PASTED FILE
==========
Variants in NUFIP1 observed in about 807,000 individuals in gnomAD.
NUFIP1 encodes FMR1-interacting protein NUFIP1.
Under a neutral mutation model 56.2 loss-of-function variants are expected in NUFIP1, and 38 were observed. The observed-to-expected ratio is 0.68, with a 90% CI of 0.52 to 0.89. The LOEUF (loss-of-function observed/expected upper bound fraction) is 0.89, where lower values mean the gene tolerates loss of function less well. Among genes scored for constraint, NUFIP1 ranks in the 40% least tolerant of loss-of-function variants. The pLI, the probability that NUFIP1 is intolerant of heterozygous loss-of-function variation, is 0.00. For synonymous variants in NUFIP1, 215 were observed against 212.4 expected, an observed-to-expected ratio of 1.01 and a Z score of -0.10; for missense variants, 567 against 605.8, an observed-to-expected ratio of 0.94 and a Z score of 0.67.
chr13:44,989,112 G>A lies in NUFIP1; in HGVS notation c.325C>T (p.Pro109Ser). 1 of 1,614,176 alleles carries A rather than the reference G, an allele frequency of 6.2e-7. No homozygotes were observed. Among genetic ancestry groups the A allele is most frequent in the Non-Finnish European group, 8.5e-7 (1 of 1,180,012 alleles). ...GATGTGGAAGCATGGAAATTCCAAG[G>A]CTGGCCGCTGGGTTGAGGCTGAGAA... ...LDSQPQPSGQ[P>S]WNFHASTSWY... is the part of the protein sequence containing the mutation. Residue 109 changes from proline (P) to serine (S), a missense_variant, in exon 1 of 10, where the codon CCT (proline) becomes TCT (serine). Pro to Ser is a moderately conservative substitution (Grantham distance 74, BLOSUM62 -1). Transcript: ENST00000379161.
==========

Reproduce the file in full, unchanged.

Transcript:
Variants in NUFIP1 observed in about 807,000 individuals in gnomAD.
NUFIP1 encodes FMR1-interacting protein NUFIP1.
Under a neutral mutation model 56.2 loss-of-function variants are expected in NUFIP1, and 38 were observed. The observed-to-expected ratio is 0.68, with a 90% CI of 0.52 to 0.89. The LOEUF (loss-of-function observed/expected upper bound fraction) is 0.89, where lower values mean the gene tolerates loss of function less well. Among genes scored for constraint, NUFIP1 ranks in the 40% least tolerant of loss-of-function variants. The pLI, the probability that NUFIP1 is intolerant of heterozygous loss-of-function variation, is 0.00. For synonymous variants in NUFIP1, 215 were observed against 212.4 expected, an observed-to-expected ratio of 1.01 and a Z score of -0.10; for missense variants, 567 against 605.8, an observed-to-expected ratio of 0.94 and a Z score of 0.67.
chr13:44,989,112 G>A lies in NUFIP1; in HGVS notation c.325C>T (p.Pro109Ser). 1 of 1,614,176 alleles carries A rather than the reference G, an allele frequency of 6.2e-7. No homozygotes were observed. Among genetic ancestry groups the A allele is most frequent in the Non-Finnish European group, 8.5e-7 (1 of 1,180,012 alleles). ...GATGTGGAAGCATGGAAATTCCAAG[G>A]CTGGCCGCTGGGTTGAGGCTGAGAA... ...LDSQPQPSGQ[P>S]WNFHASTSWY... is the part of the protein sequence containing the mutation. Residue 109 changes from proline (P) to serine (S), a missense_variant, in exon 1 of 10, where the codon CCT (proline) becomes TCT (serine). Pro to Ser is a moderately conservative substitution (Grantham distance 74, BLOSUM62 -1). Transcript: ENST00000379161.